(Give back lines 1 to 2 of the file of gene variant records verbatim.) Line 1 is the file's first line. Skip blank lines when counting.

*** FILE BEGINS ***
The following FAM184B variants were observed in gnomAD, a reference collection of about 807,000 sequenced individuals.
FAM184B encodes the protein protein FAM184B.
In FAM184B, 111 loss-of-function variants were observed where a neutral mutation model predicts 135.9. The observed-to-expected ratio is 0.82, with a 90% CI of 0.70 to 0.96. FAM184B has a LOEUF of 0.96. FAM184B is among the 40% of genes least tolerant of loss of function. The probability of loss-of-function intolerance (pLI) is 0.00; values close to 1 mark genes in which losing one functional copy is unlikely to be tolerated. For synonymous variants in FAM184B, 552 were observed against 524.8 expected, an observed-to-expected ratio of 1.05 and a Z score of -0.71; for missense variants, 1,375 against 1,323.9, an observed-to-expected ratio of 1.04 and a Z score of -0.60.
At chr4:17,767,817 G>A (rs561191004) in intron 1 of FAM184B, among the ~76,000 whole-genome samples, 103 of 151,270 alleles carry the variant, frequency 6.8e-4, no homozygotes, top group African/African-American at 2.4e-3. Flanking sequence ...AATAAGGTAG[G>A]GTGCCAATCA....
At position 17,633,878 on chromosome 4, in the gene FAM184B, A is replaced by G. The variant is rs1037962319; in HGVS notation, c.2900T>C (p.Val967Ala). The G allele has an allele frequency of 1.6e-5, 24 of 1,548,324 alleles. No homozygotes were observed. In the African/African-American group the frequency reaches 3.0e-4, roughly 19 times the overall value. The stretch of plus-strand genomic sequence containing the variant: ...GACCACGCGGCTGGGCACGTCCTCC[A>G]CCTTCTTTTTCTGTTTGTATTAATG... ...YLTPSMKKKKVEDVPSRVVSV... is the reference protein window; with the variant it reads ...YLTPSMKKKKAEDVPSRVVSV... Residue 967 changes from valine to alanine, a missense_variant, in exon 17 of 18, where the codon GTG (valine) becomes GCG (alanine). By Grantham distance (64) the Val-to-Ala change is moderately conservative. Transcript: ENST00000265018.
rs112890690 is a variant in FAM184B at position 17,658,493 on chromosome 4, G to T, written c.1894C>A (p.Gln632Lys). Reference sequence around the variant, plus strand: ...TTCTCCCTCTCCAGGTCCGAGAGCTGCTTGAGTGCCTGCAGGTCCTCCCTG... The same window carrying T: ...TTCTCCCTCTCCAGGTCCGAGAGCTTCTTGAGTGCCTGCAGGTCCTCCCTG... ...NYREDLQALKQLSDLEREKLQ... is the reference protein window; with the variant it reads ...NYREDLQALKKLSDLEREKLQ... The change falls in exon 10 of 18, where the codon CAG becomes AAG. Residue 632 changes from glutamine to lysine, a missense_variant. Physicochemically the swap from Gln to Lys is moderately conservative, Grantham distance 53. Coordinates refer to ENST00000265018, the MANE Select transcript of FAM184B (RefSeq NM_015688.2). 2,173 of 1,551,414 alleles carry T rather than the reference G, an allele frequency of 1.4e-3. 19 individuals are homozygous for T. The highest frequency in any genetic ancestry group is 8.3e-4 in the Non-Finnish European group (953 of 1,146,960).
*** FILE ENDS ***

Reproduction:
The following FAM184B variants were observed in gnomAD, a reference collection of about 807,000 sequenced individuals.
FAM184B encodes the protein protein FAM184B.